For small software projects like a typical beginner Arduino sketch, we can get away with putting everything in a single *.ino file. This was the way LewanSoul served up their Arduino sample code for controlling LX-16A serial bus servos. But as a software project grows in size, proper organization of software modules become more important.
While I don’t intend to tackle the task of writing a big Arduino sketch, I did want to get an idea of how to write my Arduino code in a way that can be reused in their own installable Arduino library. That’s a powerful part of Arduino’s software ecosystem, but I don’t want to just consume other libraries… I want to get a little practice in so I have the option to write my own libraries later.
I started by reading about the mechanics of creating an Arduino library. As expected of the world of low power microcontrollers, programming is done in C and a library has, at a minimum, a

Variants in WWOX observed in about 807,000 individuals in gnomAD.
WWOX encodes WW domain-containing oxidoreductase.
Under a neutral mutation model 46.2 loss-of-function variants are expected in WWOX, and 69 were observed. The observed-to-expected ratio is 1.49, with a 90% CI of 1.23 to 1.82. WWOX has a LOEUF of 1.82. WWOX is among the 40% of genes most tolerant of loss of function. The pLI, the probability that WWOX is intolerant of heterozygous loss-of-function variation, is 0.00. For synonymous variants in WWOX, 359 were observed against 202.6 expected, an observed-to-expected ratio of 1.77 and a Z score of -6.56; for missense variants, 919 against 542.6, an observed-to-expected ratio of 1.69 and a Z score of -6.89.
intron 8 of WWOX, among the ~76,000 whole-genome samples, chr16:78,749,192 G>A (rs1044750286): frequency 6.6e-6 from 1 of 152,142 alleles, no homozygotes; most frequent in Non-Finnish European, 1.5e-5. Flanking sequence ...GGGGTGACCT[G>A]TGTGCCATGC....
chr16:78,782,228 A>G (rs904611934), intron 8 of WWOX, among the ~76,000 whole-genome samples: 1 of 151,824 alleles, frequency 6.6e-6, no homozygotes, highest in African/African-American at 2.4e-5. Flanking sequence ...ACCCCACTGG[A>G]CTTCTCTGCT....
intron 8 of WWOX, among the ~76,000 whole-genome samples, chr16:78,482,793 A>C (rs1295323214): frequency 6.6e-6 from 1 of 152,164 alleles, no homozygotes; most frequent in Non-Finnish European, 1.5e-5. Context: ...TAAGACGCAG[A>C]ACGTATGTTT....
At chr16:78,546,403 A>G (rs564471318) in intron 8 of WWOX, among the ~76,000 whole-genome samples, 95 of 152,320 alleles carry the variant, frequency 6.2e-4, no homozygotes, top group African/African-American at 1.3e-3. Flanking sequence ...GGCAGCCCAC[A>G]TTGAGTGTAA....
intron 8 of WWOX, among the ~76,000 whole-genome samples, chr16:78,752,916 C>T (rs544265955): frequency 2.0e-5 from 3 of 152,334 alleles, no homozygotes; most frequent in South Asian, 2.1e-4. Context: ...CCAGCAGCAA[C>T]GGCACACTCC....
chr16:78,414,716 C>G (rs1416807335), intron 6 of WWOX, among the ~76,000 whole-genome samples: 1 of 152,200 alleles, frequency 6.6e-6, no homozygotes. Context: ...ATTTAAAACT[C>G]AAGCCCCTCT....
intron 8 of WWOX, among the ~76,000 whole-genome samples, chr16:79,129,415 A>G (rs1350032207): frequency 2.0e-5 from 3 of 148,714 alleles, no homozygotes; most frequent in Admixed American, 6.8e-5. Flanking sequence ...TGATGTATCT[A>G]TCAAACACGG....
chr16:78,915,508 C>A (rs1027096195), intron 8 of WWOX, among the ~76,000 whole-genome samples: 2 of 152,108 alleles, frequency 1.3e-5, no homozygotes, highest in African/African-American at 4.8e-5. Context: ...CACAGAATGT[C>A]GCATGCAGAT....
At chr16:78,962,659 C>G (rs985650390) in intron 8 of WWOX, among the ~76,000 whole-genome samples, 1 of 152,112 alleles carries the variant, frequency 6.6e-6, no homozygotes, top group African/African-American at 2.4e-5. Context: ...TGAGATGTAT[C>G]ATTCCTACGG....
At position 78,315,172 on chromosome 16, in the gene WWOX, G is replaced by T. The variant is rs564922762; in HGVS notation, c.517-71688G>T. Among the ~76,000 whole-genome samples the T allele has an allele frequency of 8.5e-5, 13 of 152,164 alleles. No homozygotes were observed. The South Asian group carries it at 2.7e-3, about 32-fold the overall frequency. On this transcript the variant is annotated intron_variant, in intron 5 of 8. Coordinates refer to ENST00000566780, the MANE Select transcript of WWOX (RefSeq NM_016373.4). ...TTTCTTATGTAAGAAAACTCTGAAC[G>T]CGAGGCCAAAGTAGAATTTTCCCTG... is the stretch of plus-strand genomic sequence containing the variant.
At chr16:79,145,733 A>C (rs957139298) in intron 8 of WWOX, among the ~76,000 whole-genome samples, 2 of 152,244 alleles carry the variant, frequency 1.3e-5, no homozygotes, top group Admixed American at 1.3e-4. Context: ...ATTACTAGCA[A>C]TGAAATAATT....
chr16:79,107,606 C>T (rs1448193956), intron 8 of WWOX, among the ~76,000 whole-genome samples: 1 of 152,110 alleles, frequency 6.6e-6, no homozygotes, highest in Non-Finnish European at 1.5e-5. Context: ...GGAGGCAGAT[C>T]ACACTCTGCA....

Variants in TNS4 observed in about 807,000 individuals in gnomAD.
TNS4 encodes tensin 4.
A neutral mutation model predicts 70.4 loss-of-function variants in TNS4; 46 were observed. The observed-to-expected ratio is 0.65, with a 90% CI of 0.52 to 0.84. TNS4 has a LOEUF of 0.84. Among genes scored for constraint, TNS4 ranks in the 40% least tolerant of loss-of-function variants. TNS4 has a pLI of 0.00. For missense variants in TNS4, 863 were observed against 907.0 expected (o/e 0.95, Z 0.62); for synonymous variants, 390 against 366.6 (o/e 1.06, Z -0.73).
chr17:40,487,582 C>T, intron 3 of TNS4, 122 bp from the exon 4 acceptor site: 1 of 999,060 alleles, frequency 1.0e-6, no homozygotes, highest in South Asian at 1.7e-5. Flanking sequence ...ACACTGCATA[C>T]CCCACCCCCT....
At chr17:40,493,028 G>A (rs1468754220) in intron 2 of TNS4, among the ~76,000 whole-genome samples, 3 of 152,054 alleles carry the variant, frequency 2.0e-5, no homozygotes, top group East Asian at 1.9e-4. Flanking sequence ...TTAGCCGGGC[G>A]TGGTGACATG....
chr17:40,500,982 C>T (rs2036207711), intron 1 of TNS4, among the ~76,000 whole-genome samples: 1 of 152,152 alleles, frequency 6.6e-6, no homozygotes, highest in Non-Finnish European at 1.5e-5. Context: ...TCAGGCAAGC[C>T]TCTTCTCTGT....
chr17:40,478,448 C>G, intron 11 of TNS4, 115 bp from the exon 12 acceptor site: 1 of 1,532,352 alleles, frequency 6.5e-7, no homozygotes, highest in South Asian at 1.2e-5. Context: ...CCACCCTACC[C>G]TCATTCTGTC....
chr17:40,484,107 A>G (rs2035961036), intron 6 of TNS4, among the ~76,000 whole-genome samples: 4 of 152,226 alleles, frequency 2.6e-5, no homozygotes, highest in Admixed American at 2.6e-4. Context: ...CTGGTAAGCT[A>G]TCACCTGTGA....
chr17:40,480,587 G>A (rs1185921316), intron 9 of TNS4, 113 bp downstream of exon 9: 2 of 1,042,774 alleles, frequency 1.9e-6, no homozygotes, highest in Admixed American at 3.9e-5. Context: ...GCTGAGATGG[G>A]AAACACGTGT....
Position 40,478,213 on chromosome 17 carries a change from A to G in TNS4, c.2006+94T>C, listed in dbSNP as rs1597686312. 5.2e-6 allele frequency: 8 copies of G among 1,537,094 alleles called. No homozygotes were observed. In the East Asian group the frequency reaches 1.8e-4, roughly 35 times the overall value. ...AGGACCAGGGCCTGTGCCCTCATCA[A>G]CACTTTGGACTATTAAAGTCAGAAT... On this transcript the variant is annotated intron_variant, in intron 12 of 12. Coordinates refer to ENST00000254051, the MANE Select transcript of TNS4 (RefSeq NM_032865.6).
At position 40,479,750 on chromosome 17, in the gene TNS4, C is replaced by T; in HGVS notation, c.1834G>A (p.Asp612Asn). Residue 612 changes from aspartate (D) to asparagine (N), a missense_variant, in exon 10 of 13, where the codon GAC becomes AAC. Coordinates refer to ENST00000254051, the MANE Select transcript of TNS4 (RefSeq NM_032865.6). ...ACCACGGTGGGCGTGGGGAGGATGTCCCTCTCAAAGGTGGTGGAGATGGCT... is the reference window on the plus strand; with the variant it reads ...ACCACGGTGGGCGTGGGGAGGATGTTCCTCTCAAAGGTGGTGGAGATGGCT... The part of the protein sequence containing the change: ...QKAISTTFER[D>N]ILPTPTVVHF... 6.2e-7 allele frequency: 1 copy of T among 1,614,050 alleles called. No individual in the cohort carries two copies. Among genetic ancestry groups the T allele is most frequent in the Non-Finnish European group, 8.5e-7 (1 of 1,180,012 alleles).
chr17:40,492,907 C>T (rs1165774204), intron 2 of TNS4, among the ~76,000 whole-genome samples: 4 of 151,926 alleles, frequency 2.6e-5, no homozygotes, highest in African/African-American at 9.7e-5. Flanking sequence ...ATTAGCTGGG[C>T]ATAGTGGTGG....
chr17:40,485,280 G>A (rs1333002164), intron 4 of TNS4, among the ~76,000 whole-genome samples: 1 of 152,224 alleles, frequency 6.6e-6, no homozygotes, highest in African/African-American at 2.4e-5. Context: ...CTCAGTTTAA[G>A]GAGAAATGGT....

*.h header file and a
*.cpp implementation file. This was all in order, an Arduino-specific twist is the IDE integration with
keywords.txt. That I didn’t expect. Everything is packed in a ZIP file.
Next I moved on to Arduino’s API design style guide. This is less about the mechanical details, and more about how to structure an Arduino API. This passage caught my attention:
Some of these run counter to professional programming practice. We’re aware of that, but it’s what’s made it possible for so many beginners to get started with Arduino easily.
This might be what caused some of my irritation with Arduino code – design decisions that ran counter to my professional practice, but now I understand there’s a well-meaning reason for it.
From there reading moved to the Arduino style guide for how to structure tutorials that accompany code, then I went back to see the analog joystick tutorial I had referenced earlier, this time as an example of Arduino tutorial style.